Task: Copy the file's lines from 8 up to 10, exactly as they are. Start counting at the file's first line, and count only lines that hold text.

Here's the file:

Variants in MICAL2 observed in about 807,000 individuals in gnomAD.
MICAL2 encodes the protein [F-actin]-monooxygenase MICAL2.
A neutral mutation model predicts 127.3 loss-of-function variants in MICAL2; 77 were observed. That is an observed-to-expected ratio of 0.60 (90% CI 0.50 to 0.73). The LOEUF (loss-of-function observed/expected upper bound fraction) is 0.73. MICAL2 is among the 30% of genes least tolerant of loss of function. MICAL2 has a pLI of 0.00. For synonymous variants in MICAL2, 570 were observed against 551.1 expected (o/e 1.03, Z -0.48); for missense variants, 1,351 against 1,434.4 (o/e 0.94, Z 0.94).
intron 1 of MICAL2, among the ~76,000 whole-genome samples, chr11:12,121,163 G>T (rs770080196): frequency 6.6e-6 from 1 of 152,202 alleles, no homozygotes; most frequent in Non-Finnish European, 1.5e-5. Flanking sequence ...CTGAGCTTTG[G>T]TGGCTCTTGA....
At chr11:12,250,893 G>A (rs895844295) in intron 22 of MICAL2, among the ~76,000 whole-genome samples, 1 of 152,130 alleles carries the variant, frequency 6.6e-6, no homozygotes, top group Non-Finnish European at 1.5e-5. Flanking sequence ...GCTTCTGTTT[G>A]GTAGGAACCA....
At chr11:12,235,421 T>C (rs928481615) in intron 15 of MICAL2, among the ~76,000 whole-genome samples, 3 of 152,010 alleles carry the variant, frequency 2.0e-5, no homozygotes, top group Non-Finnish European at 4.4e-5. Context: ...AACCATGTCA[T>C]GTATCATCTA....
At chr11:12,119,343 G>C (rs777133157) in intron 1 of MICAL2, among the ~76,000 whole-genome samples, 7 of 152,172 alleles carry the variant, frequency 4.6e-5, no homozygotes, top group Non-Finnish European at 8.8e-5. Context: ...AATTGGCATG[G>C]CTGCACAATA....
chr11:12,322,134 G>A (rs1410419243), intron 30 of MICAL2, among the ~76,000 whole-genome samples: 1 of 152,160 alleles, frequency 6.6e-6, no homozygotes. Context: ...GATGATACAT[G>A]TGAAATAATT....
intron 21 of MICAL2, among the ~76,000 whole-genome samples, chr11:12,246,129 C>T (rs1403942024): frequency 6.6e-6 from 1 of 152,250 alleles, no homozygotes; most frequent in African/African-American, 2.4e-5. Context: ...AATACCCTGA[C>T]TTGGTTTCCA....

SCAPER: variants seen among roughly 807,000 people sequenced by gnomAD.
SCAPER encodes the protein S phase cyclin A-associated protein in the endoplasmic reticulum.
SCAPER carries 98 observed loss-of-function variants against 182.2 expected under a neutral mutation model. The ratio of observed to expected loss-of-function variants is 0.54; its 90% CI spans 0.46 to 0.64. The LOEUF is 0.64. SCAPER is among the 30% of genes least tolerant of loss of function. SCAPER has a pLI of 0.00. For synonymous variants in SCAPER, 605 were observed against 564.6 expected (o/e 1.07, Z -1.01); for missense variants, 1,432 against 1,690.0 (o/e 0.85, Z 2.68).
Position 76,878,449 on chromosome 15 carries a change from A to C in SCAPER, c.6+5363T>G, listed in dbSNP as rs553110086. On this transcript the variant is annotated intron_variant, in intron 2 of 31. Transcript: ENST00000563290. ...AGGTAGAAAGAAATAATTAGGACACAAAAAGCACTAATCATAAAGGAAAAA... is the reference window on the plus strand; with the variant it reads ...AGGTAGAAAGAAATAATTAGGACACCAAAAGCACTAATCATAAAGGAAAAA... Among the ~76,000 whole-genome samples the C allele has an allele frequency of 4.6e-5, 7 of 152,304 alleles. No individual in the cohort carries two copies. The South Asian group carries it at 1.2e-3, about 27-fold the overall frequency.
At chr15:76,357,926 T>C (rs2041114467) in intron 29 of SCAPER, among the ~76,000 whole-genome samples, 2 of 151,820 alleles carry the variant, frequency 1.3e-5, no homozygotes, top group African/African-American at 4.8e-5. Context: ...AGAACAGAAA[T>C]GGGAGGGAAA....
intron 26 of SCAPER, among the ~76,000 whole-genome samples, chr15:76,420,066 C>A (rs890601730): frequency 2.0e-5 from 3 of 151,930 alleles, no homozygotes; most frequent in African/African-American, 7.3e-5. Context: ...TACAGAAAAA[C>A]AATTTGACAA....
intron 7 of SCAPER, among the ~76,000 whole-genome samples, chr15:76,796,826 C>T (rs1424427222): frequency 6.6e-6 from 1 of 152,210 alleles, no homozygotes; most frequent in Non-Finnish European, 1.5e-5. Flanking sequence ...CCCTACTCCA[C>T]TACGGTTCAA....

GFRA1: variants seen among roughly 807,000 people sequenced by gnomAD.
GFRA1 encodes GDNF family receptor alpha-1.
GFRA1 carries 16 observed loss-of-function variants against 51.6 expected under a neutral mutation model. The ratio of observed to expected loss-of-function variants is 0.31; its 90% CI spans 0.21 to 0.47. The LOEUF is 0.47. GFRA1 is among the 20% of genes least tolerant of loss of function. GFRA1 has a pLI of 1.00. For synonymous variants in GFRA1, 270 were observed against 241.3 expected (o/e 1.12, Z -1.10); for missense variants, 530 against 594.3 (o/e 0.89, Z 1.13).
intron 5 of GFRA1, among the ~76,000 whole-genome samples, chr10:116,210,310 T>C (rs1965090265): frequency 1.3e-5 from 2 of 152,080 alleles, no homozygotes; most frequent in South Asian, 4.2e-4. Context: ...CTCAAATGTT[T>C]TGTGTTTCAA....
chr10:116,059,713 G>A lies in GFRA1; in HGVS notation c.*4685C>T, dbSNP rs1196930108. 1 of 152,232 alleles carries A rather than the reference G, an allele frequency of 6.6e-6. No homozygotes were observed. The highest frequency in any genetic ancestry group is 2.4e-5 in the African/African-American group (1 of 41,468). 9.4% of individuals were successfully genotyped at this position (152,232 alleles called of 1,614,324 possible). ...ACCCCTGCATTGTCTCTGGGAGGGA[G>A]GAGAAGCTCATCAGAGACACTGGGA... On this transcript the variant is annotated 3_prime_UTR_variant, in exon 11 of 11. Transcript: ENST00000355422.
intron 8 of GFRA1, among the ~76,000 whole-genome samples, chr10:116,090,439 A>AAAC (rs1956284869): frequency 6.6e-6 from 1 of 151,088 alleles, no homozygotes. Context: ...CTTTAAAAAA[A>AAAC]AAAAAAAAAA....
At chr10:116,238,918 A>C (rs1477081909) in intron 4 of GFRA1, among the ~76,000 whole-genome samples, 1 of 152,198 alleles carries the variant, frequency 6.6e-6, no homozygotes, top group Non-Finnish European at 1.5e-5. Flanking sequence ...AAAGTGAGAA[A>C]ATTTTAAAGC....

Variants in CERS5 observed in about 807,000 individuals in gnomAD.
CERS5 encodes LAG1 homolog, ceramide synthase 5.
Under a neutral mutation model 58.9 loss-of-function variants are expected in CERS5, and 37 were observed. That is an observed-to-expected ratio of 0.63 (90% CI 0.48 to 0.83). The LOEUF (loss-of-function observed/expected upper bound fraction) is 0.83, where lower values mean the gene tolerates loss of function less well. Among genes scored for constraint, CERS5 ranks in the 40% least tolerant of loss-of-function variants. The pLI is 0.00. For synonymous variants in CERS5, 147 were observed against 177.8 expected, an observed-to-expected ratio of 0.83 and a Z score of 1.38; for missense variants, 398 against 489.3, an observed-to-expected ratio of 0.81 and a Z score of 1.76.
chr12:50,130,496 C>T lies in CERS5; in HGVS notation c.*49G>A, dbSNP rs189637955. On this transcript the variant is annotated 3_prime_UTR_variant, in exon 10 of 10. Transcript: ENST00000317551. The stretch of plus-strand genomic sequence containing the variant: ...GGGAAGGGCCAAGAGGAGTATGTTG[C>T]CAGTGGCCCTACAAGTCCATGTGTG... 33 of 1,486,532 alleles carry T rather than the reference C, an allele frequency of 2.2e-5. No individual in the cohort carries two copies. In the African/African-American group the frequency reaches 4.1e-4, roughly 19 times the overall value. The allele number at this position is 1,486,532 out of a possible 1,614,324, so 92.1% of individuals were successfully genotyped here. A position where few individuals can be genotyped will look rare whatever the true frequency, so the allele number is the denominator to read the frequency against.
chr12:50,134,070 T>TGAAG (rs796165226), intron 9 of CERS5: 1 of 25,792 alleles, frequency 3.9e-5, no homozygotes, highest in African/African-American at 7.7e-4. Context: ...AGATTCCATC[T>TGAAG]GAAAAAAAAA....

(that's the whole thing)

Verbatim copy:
chr11:12,322,134 G>A (rs1410419243), intron 30 of MICAL2, among the ~76,000 whole-genome samples: 1 of 152,160 alleles, frequency 6.6e-6, no homozygotes. Context: ...GATGATACAT[G>A]TGAAATAATT....
intron 21 of MICAL2, among the ~76,000 whole-genome samples, chr11:12,246,129 C>T (rs1403942024): frequency 6.6e-6 from 1 of 152,250 alleles, no homozygotes; most frequent in African/African-American, 2.4e-5. Context: ...AATACCCTGA[C>T]TTGGTTTCCA....

SCAPER: variants seen among roughly 807,000 people sequenced by gnomAD.